SUSTAINER: Strength and direction come to all beings from sources outside of themselves. God

provides courage, pursuasion, virtue, and most of all, agape. We are beloved, unconditionally.

REDEEMER: The Kingdom of God is the teleological end of all virtue. The Kingdom is not some far- off place, but something achievable in this world. The God-as-Redeemer is always present, and all- forgiving, as well as subversive, challenging, and radical. We are beloved, and through this belovedness, we are tasked with co-creating the new Kingdom.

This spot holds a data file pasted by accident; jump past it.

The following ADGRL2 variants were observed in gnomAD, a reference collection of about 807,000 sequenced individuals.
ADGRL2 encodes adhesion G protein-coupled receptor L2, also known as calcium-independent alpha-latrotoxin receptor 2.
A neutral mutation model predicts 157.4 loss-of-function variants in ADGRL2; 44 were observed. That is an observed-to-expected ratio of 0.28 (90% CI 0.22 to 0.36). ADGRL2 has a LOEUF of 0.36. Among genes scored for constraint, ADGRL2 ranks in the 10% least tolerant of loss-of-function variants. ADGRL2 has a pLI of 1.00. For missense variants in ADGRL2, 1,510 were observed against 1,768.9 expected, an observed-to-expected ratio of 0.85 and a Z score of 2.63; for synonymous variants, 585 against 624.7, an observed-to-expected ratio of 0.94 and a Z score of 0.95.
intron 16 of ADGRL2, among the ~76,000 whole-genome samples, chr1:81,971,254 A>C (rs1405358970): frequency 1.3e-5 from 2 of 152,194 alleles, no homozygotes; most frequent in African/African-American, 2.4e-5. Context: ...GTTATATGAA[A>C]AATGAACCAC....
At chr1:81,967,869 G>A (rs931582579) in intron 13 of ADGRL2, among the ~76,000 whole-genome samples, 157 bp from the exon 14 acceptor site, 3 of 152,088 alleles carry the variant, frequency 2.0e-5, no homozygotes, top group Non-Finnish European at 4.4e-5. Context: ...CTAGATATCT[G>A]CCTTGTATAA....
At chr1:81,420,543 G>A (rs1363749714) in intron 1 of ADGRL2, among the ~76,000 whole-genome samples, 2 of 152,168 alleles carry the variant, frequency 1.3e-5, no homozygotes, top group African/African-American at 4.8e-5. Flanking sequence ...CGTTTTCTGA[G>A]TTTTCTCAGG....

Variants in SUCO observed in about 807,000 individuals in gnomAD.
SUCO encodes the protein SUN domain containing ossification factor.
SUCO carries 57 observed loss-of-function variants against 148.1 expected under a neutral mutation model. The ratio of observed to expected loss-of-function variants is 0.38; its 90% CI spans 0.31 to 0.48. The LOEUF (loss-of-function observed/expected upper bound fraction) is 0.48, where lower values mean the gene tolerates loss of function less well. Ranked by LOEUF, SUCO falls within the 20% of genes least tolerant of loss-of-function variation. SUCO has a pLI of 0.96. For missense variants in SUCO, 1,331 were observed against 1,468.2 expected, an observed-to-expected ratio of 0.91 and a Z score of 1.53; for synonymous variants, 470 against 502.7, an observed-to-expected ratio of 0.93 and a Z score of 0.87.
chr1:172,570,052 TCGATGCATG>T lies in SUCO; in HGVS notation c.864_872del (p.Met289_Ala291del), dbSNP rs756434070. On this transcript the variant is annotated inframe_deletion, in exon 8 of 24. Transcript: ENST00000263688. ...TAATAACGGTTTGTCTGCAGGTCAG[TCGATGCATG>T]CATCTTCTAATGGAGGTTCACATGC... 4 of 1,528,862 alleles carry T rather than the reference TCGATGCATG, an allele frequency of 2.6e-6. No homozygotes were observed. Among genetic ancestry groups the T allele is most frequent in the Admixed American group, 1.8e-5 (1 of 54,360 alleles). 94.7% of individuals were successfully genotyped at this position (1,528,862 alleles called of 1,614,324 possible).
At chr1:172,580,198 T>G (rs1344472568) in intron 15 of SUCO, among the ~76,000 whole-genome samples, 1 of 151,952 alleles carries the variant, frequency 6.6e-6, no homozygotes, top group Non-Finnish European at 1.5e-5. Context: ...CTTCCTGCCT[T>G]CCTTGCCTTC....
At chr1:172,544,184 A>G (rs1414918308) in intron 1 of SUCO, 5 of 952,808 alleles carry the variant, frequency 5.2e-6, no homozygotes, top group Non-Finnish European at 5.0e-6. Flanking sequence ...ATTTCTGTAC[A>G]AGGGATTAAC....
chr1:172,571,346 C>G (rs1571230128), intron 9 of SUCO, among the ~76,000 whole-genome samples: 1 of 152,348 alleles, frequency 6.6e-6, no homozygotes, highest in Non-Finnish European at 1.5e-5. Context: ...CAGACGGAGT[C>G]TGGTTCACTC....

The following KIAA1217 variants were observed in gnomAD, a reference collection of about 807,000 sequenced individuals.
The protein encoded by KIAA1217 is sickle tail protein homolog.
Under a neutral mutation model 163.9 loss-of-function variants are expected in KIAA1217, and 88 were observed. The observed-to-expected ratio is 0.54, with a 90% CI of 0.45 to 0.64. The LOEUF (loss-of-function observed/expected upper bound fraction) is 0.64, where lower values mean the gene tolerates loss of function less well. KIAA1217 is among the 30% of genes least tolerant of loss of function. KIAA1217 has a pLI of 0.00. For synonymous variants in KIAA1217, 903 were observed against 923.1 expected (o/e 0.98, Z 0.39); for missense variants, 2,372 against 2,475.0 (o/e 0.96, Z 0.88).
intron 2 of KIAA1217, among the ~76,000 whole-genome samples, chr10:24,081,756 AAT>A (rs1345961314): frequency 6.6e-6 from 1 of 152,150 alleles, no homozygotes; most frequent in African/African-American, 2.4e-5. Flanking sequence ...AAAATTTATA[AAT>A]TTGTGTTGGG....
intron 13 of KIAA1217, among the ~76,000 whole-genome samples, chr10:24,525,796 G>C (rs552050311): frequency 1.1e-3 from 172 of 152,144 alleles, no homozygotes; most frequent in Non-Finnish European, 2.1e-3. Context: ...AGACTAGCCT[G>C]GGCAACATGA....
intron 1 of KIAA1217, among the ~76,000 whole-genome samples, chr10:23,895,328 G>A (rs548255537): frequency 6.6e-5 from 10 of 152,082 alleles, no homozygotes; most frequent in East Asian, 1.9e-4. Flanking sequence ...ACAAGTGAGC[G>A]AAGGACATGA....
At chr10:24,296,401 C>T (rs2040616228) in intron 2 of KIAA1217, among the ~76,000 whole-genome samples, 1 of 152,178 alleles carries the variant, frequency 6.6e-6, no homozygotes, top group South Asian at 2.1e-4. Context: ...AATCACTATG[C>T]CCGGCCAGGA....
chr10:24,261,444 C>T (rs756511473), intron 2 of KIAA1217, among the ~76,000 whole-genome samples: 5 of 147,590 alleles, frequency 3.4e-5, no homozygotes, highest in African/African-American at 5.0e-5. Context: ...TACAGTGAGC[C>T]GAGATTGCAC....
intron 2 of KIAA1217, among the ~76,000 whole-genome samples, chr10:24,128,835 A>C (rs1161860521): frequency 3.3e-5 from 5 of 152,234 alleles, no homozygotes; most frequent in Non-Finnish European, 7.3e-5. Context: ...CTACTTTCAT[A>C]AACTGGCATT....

The Metaethical Question: How does unconditional Belovedness affect a framework of morality?